• Welcome to Phoenix Rising!

    Created in 2008, Phoenix Rising is the largest and oldest forum dedicated to furthering the understanding of, and finding treatments for, complex chronic illnesses such as chronic fatigue syndrome (ME/CFS), fibromyalgia, long COVID, postural orthostatic tachycardia syndrome (POTS), mast cell activation syndrome (MCAS), and allied diseases.

    To become a member, simply click the Register button at the top right.

Seronegative autoimmune autonomic neuropathy better responds to IV steroids


Senior Member
Seronegative autoimmune autonomic neuropathy: a distinct clinical entity.
Golden EP1, Bryarly MA1, Vernino S2.

Autoimmune autonomic ganglionopathy (AAG) is associated with ganglionic acetylcholine receptor (gAChR) antibodies. We describe a similar but distinct series of patients with autoimmune autonomic failure lacking this antibody.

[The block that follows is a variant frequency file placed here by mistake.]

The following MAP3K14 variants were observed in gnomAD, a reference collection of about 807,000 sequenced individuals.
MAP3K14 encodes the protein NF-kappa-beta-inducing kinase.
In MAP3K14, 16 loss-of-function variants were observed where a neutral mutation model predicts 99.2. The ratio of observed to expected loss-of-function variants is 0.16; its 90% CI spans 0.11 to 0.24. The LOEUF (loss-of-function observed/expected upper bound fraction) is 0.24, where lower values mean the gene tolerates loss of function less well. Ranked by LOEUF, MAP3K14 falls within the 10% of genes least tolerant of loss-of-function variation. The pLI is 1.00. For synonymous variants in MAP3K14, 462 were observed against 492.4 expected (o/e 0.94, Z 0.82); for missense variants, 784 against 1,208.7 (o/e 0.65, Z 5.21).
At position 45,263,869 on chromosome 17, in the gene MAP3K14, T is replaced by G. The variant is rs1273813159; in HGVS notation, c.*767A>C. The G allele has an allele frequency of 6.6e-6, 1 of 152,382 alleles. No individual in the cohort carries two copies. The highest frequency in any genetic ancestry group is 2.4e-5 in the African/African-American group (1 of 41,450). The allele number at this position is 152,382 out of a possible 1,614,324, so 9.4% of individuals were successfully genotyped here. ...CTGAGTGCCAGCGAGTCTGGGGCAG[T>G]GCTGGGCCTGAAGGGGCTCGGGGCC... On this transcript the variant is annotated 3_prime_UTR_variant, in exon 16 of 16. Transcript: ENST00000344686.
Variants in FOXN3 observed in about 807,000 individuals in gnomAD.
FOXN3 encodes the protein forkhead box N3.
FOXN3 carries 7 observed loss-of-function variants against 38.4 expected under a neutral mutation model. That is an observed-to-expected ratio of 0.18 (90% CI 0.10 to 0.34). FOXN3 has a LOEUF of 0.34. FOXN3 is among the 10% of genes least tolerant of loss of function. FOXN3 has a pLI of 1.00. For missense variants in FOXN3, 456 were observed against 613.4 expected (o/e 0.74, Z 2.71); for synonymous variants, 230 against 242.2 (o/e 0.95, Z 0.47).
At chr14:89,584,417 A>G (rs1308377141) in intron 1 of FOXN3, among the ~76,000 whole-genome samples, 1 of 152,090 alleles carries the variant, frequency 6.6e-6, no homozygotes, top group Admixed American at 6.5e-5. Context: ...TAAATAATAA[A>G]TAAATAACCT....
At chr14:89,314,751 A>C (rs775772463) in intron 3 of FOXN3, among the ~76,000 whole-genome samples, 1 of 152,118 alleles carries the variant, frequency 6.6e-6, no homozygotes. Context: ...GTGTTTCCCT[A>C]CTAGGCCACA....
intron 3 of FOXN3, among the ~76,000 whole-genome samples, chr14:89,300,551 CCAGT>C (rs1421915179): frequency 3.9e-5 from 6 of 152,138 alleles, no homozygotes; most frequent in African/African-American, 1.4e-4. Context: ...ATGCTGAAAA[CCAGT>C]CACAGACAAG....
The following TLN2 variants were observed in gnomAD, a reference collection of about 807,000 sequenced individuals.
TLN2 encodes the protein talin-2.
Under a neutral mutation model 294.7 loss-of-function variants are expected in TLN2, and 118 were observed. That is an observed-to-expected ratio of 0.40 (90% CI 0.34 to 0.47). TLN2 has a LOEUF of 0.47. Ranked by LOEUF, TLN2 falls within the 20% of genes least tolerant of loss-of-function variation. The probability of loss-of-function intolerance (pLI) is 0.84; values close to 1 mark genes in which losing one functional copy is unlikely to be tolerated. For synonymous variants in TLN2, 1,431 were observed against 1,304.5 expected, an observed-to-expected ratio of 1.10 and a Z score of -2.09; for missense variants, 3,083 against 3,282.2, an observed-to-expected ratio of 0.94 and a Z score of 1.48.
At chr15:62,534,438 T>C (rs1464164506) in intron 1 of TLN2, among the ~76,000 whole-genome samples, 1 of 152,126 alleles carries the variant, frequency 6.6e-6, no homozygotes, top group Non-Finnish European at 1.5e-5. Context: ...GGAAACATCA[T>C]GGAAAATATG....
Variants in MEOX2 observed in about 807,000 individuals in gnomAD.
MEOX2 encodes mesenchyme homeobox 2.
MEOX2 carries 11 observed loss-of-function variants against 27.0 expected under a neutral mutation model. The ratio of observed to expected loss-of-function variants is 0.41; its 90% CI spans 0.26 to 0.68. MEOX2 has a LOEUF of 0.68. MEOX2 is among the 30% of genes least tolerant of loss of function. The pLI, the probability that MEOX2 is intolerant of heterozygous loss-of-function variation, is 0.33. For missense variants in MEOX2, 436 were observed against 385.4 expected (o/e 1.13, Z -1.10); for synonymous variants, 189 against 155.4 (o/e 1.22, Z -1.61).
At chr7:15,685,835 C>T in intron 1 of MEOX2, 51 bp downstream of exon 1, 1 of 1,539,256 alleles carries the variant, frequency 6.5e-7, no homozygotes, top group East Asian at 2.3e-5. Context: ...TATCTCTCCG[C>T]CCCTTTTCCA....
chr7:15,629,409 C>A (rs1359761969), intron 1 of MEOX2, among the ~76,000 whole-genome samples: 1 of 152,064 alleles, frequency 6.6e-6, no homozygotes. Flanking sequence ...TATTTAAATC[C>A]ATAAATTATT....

Retrospective chart review.
Six patients presented with subacute autonomic failure, seronegative for gAChR antibodies. Orthostatic hypotension and gastrointestinal complaints were common. Autonomic testing revealed predominant sympathetic failure and no premature pupillary redilation.
All patients had sensory symptoms and/or pain, which was severe in three. Immunotherapy with plasma exchange, intravenous immunoglobulin, and rituximab was ineffective. Three patients responded to intravenous steroids.

In these cases of autoimmune autonomic failure, key differences from seropositive AAG emerge. Testing showed prominent sympathetic (rather than cholinergic) failure, specific pupillary findings of AAG were absent, and sensory symptoms were prominent. AAG responds to antibody-targeted immunotherapy, while these patients responded best to steroids. This seronegative autoimmune autonomic neuropathy is a distinct clinical entity requiring a different treatment approach from AAG.